Ron Magers: King of ad lib shines without scripts

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It's one thing to read the news. It's quite another to remain unruffled when real news breaks or equipment breaks down. (WLS)

Ron Magers is leaving the anchor chair at the top of his game, a guy who is known as the gold standard in this industry.

"He tells a story like a human being might tell it to another - in a conversational tone. Without undue personalization or emotion, but plainly and calmly with an attitude of awareness." Those words were written about Magers by an Oakland Tribune columnist 46 years ago. Some things don't change.

It's one thing to read the news. It's quite another to remain unruffled when real news breaks or equipment breaks down.

"I think I'm at my best when I have no scripts," Magers said.

"He's the greatest ad-libber I've ever been around - to this day - and I think that's born of starting the way we did," former colleague Barry Tompkins said.

When Barry Tompkins and Magers worked together in San Francisco four decades ago, there were no Teleprompters or ear pieces, and almost every night, something would go wrong, so you had to know how to dance. And Magers has long done it with honest humor - like when a robotic camera started to droop.

"And the camera started moving down, and Ron followed it down and read the copy all the way to the bottom of the set. I mean it was classic, but it was natural for him to do that," Mark Giangreco said.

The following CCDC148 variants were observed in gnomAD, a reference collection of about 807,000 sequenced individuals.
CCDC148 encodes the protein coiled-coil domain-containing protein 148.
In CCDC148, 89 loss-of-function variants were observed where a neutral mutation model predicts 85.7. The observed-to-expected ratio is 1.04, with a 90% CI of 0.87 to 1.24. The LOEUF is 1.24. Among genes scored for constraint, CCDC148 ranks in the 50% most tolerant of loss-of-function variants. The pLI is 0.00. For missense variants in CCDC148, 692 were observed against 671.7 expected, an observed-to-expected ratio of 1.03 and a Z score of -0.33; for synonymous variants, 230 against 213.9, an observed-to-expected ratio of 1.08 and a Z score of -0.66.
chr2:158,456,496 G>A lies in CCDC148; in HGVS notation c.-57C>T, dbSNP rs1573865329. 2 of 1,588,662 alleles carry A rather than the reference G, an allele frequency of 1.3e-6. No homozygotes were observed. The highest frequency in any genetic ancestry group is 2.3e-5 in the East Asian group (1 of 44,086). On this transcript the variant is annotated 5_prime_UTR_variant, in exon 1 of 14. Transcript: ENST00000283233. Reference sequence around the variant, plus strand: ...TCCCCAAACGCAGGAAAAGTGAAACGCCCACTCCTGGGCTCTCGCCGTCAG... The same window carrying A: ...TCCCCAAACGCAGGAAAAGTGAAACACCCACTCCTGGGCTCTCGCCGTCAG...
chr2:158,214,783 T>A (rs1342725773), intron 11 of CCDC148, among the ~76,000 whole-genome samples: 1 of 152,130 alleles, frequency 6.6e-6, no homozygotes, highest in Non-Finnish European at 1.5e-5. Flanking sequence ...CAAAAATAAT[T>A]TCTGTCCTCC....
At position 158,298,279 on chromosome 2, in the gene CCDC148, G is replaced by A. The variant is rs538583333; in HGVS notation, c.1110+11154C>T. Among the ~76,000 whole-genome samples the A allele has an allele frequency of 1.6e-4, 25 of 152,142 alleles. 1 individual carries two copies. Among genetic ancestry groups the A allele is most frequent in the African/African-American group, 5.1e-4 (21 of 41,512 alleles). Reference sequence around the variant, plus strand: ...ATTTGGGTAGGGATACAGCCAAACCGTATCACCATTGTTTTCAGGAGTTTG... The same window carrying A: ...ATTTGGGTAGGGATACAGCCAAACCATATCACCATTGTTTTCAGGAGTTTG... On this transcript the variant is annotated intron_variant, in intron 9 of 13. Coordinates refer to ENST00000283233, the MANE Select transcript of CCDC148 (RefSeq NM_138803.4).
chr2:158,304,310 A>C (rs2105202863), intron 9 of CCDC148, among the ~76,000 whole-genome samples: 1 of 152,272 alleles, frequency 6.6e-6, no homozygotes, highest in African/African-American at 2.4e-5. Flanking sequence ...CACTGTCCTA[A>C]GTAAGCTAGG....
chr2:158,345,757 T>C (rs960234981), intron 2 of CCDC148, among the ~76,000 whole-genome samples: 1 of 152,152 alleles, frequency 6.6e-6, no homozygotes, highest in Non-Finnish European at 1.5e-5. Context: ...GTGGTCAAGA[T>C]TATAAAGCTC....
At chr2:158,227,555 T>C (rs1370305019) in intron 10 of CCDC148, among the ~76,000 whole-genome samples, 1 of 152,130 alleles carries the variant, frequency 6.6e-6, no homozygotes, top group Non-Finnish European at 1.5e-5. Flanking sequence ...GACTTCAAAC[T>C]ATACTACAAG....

The more important command is: know what you're talking about. That has always been a Magers forte.

"Ron will dig back in that reservoir of knowledge and will say this reminds me of this, and all of a sudden the light bulb goes off in your head and you say, 'Oh Wow, I forgot about that,'" ABC7 Executive Producer Tony Shute said.

"What I've always said is, you give me and any other reporter a week to do a story and I'm highly average. You give me and any other reporter a half hour to figure out something complex and have it make sense an hour from now, and I do that pretty well," Magers said.

At his core, Ron Majors has always remained a reporter. Fifty years ago he was the only reporter on the inside of an Oregon prison riot. He was happy to come out alive. He was one of the first reporters to recognize the huge importance of DNA science in criminal cases, and he loved the chase - breaking stories that others missed. Those reporter instincts have served him well in the anchor chair.

"I think a good anchor is holding up the work of all the people who are behind the scenes in a favorable light. That's really all we're supposed to do. The light may be on us, but it should shine on the people who've done the work," Magers said.
But the anchor is also a leader, and sometimes the leader is challenged to take a stand - one that may have significant consequence. Mr. Magers knows about that - for he has taken principled stands in the past that have not endeared him to his bosses.

Stay tuned for more on that part of Ron's career Tuesday night on ABC7 Eyewitness News at 10 p.m.
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